Memory, Friction and Fiction

This week readers of Quiver and Tremble will be pleased to know I have started a new collection of short stories called ‘Impossible Loves.’ Originally I planned for this to be a series of stories about the relationships we don’t have in our lives, or rather the near misses that, after a certain age, seem to haunt us as ‘what ifs…’. Years ago I wrote a play called ‘Seven Acts of Love (as witnessed by a cat), which touched upon this theme. It was seven acts of love – one of which was the reunion of two older people who almost had an affair when university students and have re met in their forties, both now married and committed to other people. Although tempted they decide not to make love out of respect and love for their spouses and the ensuing chaos they can envisage the affair will cause – the ‘evolved ‘choice I guess although I’m happy to concede that sometimes the forces of nature are greater.

 The act is really about nuance and subtext – what is not said and the terrible poignancy of missed opportunity as well as the preservation of memory and projection. Impossible Loves is really a further investigation of this – although somewhat more bawdy and visceral.

In the writing of the first story I began to think about how writers draw upon their own autographical experience and elaborate pushing observed fact into fiction. It’s interesting what one remembers and why and the methods to access memory. First of all I should clarify that usually I rarely (if ever and certainly not consciously) write autobiographically. There are a few exceptions when I have been asked specifically – the most notable was a short story called ‘27th of August’ which was written for a collection of short stories by women the proceeds of which were to go to troubled teenage girls in Australia. I wrote about the day my father was killed in a road accident. I was aged 16 at the time and it seemed deeply appropriate as I did then go onto a wild and troubled adolescence (grist to the mill!).

Another time was when I was asked to contribute a story to a collection of short stories by Jewish Australian writers. I decided to write about both my grandfathers – my English/Polish grandfather (my father’s father) and my mother’s father, also Polish but from a far more recent migration out of Poland (narrowly missing the holocaust, unlike a lot of his relatives, father and brother). My mother’s father was an absolute character – a very handsome and short pastry baker who loved women. In the short story I had added a wonderful paragraph about how, after burying his third wife (in Sydney in about 100 degrees) my grandfather (with myself sitting in the back) my social worker mother at the wheel, – probably due to shock and a strange grieving – started a wonderful soliquy (in a thick Yiddish/Polish accent) about all the women he’d ever slept with, started with my grandmother (his first wife) – both of them virgins not knowing a thing about lovemaking. with his mother-in-law sleeping on the couch a foot away on the other side of the bedroom door for nights, waiting for the bloodied sheet to hang out the window to prove the marriage was consummated. He then continued through a liturgy of women, ending up (far later when I guess he was in his sixties) with a description of an act performed sans false teeth. Meanwhile my mother (only half-listening) in social worker mode kept nodding and answering Yes abba, yes abba, as the monologue got funnier, darker and increasing obscene until I asked her to tell him to stop. It was above and beyond Portnoy’s Complaint and was, in some ways, a very poignant insight into a man who was both a sensualist and an incurable romantic. He was forever in falling love (god bless him) right up until he died in his late eighties. When I showed this earlier draft to my mother she threatened to disinherit me, claiming it was disrespectful – maybe it was, however the intention certainly wasn’t. I pulled the paragraph from the finished short story and the experience put me off ever writing directly about my wonderful, eccentric family. Yet there is a certain authenticity in autographical writing that the readers seem hungry for – hence the current spate of false autobiography most of whom have been outed. Inevitably fact is stranger than fiction, but in my case it is usually based on some experience teased out into fully fiction – a montage of friends and projection. Even so I was amazed by the number of friends who claimed they recognised themselves in Quiver when it came out (they weren’t!). I think it all comes down to the writer’s powers of observation, imagination and ability to create empathic characters. This probably reflects on how vividly they have or haven’t lived.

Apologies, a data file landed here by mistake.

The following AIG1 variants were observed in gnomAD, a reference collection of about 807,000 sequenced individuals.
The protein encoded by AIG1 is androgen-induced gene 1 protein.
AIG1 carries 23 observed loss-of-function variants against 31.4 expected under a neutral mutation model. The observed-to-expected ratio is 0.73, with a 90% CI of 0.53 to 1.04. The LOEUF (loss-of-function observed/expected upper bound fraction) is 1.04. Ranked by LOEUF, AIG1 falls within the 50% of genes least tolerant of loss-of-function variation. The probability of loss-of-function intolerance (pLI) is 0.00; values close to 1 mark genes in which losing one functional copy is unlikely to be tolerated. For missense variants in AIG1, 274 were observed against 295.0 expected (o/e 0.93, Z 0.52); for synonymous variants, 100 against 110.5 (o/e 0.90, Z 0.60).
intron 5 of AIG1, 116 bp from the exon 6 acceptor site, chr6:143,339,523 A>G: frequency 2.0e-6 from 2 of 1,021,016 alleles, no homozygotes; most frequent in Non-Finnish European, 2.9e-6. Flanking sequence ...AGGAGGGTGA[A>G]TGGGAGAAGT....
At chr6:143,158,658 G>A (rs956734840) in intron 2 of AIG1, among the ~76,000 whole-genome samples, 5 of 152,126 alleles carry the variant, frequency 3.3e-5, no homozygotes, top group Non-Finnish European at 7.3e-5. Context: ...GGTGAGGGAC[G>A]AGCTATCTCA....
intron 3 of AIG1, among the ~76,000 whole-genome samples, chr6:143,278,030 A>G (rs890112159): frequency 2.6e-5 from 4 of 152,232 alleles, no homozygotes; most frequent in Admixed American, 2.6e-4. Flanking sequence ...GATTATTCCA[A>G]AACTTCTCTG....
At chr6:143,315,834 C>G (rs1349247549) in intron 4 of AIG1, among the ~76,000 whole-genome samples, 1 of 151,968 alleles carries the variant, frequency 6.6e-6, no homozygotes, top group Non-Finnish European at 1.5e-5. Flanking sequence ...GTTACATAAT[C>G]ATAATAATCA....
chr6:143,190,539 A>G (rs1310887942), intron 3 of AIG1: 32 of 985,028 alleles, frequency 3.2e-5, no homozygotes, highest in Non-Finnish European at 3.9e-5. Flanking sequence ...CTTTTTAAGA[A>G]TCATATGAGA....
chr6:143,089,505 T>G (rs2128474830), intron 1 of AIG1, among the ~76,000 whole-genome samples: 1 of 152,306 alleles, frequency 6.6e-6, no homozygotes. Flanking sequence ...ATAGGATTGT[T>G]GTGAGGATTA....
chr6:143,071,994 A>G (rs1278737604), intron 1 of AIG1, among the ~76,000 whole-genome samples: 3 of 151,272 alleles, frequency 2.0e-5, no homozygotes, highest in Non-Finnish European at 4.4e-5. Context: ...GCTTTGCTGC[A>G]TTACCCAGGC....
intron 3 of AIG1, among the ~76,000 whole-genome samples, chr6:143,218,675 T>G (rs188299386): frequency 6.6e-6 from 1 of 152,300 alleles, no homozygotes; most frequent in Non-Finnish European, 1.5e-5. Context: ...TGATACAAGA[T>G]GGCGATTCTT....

One method to recall memory or a specific experience one might want to write about – an experience that might be buried due to trauma or simply forgetfulness – is self-hypnosis. I find that this can throw up all kinds of remembered experience – from light thrown up from a surface:  the actual visuals of the memory, to scent and emotion. Memories you thought you’d lost forever. Useful when one is trying to ‘channel’ a character, or throw oneself back to the experience of first passion, adolescence and loss.